If you want to raise a successful son, make sure he has a lot of support from you and his teachers.
Researchers from the University of Montreal carried out a 30-year study with the aim of determining “which disruptive behaviours in kindergarten are associated with employment earnings in adulthood for boys from low socioeconomic backgrounds.”
The results are compelling.
Researchers followed nearly 1,000 boys over three decades and analyzed the correlation between their kindergarten teachers’ assessments of them when they were five or six years old and how much money they earned as 35 and 36-year-old adults. The findings were published in JAMA Pediatrics.
Researchers concluded that boys who paid better attention in school and behaved similarly as young children ended up earning more money later in life.
The kindergarten teachers evaluated the boys in five different areas. The four negative areas included inattention, hyperactivity, opposition, and physical aggression. The positive area was prosociality, defined as “helping, sharing and cooperating.”
The boys were evaluated yearly through age 17 and less often in the years following, study lead author Richard Tremblay told Inc.
Children who were rated more prosocial and were less inattentive, hyperactive, physically aggressive and opposing earned significantly higher salaries 30 years later—an average of $12,000 more. The data was gleaned from the men’s tax returns.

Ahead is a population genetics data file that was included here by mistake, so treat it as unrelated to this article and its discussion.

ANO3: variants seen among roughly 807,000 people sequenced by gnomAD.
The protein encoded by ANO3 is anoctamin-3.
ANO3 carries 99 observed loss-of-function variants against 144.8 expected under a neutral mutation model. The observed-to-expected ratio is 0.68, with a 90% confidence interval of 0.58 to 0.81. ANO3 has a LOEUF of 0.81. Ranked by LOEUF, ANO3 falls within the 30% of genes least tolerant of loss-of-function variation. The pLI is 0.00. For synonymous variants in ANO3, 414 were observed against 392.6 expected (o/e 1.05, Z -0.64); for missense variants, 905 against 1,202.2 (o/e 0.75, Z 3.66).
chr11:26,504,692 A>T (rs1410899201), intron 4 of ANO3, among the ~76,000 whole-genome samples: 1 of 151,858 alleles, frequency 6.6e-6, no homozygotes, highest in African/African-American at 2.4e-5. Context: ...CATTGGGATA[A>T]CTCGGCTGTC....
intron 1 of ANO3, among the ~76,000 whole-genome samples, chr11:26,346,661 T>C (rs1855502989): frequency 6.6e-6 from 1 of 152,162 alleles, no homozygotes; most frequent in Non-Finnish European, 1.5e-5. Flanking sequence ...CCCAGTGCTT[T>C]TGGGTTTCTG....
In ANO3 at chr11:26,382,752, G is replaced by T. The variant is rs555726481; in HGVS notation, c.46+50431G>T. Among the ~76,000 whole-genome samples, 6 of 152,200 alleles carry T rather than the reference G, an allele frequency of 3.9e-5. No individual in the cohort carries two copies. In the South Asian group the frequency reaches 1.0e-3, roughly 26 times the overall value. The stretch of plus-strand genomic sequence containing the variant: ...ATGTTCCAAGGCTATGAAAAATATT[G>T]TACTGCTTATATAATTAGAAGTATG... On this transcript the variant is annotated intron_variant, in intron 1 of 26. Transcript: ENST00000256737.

Girls weren’t included in the study because the research centred on juvenile delinquency, and boys from a low socioeconomic environment are more at risk.
According to Tremblay, quality daycare may help boys who struggle with negative issues. He also suggested that extra support for students, parents, and teachers of particularly aggressive and hyperactive children can be beneficial. A two-year program that offered such support resulted in less drug use, delinquency, and criminal convictions by age 24. It also boosted the number of high school graduates.
The study suggests how boys act as kindergartners may predict what their life will be like as adults. It also suggests giving these children support will influence how successful they are later in life21